Neuromodulation Technique is a proprietary system of health care based upon a method of accessing and assessing the autonomic control system of the patient through muscle response testing utilizing verbal and/or non-verbal semantic questions and statements.
We use a unique form of muscle response testing as one convenient tool to query the ACS, thereby determining the errors in the way the ACS is controlling the body. Specific query statements are codified into NMT clinical pathways that constitute algorithms created to address particular areas of physiology like allergy or sensory/motor function. Based on the information derived by applying this investigation of the patient, these treatment algorithms define corrective information with with which the NMT practitioner is able to semantically reprogram and debug scripts. This process is further augmented and reinforced with percussive, or other stimulation of vertebral segments, specific breathing patterns, and other sensory stimuli. It is based upon widely accepted neurophysiological models. There are no vials, special reflex points, or potions used. It is the NMT proposition that the closest analogy to the human nervous system is the computer.
The NMT method is based on generally recognized principles of neurophysiology, physiology, psychology, linguistics, and anatomy. NMT constitutes a unique and proprietary system of health care protected by applicable laws United States copyright, and trademark laws. Patent is pending for the NMT process.
I have rolled this discovery around in my mind for a few weeks. As I read through the site I noted that his path has been through chiropractic training, and then through various winding "energy" trainings. It seems he did some reading, had a bright idea one day, and is now taking the term "neuromodulation" to mean (as near as I can make out) justification of "energy" techniques by calling them "neuromodulation technique", and furthermore, he wants to lay claim to the term, as if its origin had something to do with him personally. ("Shoehorning" is a word that comes to mind..)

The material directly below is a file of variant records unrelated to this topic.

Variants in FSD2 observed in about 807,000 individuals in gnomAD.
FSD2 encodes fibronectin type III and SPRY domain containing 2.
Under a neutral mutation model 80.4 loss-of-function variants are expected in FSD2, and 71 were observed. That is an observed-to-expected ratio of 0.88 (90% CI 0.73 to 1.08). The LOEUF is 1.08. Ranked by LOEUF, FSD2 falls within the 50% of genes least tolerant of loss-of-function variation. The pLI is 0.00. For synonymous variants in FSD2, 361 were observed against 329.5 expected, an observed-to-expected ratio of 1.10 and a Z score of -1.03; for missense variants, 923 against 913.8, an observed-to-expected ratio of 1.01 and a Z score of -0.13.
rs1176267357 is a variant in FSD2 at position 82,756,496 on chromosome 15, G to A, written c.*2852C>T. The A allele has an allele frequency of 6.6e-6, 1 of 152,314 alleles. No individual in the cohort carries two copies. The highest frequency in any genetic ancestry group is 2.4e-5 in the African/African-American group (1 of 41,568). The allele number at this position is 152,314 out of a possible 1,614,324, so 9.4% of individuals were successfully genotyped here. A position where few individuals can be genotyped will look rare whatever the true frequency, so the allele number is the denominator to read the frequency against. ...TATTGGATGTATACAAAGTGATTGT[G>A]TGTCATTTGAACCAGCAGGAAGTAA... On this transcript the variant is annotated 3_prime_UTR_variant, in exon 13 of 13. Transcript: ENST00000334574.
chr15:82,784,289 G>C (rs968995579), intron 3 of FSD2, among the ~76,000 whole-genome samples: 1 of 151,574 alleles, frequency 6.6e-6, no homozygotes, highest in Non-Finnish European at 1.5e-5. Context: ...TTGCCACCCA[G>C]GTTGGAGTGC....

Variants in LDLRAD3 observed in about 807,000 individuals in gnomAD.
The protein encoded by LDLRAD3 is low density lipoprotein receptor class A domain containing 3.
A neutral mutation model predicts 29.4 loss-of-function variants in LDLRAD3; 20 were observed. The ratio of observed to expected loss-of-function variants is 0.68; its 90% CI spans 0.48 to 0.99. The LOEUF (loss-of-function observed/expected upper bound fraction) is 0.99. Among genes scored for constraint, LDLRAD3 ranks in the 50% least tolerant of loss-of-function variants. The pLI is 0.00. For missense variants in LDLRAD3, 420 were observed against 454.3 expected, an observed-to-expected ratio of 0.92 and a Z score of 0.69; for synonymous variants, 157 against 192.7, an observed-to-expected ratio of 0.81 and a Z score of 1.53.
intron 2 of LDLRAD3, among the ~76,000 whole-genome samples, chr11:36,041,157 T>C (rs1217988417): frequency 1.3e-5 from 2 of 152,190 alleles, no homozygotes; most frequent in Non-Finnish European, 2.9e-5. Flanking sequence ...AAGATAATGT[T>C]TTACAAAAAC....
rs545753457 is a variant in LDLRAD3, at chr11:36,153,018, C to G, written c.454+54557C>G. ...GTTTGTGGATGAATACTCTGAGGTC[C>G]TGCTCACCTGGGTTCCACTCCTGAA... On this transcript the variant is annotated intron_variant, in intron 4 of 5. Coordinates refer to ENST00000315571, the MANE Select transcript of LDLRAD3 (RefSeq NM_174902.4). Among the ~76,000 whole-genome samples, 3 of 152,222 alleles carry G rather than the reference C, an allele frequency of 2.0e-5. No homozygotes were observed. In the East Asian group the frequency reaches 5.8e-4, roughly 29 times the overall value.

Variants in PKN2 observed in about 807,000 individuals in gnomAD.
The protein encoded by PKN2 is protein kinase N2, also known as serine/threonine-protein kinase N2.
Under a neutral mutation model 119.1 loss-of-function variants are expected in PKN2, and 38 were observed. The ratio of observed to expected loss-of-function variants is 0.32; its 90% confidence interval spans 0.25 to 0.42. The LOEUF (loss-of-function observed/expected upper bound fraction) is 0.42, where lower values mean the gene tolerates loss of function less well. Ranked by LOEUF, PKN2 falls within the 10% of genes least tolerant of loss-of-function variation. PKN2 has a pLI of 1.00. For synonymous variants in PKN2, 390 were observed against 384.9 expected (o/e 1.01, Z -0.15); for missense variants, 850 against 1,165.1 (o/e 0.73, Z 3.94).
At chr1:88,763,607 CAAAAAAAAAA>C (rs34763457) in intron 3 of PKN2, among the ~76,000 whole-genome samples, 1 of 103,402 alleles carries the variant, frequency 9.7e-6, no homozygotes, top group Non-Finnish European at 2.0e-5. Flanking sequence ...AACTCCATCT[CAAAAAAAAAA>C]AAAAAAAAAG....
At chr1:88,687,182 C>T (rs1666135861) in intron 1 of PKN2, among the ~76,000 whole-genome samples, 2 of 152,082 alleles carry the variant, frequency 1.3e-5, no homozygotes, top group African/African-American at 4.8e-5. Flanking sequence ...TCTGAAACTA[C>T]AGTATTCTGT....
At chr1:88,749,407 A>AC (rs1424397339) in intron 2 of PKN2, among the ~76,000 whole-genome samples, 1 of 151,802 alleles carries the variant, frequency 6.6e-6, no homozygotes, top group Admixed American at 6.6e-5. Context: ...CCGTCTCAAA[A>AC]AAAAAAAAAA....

In any case, ahem.. I beg to differ. Neuromodulation is a term that describes something quite specific and scientific, i.e., changing an input into the nervous system to facilitate a change in its output. Period. No one else to my knowlege has ever laid claim to the term especially in order to protect some perceived financial interest.
This article, Reality Check, will help those who are confused about what "energy techniques" are, to gain some perspective. A brief foray into some self-education about what pseudoscience entails, might be of interest. This page contains more information about pseudoscience. In particular, note the blue comparison columns further down the page. Here is another perspective on pseudoscience from Wikipedia. It contains many useful links, including one to Occam's Razor, a pithy term used in science to describe whacking away superfluity and decide what is a worthy basis for further investigation and what is not. Here is yet another link to a page that distinguishes pseudo from actual science.
A point I would like to make is that no one can "own" a term that describes something scientifically specific. This ambitious practitioner may be able to own the term "neuromodulation technique" as defined by himself, i.e. as a catchall term that covers "energy" treatment, e.g., one form of which used to require the purchase of vials of special water for the patient to hold, from which it could be determined (somehow) what the "diagnosis" was... and when the practice to "neuromodulation technique" suddenly purchase of said vials is no longer required..
... but he can't own a clear chunk of English that has a scientific meaning and is used within those parameters.
I will continue to call myself "Neuromodulator" and I will continue to argue for the term "neuromodulation" to be a free word without commercial strings attached. As long as the practitioner in question continues to attach the term "neuromodulation" as an adjective, modifying his own particular methods i.e., a noun, "technique," I will have no further quibble with him.
In closing, I would like to draw attention to this excellent essay, written by a British physician, entitled The Sea Monster and the Whirlpool which may be able to give you a glimpse of the seas science-based and science-respecting practitioners have to navigate.
Finally, I want to state that this chiropractor individual and I have nothing whatsoever to do with each other, and that's how it shall remain.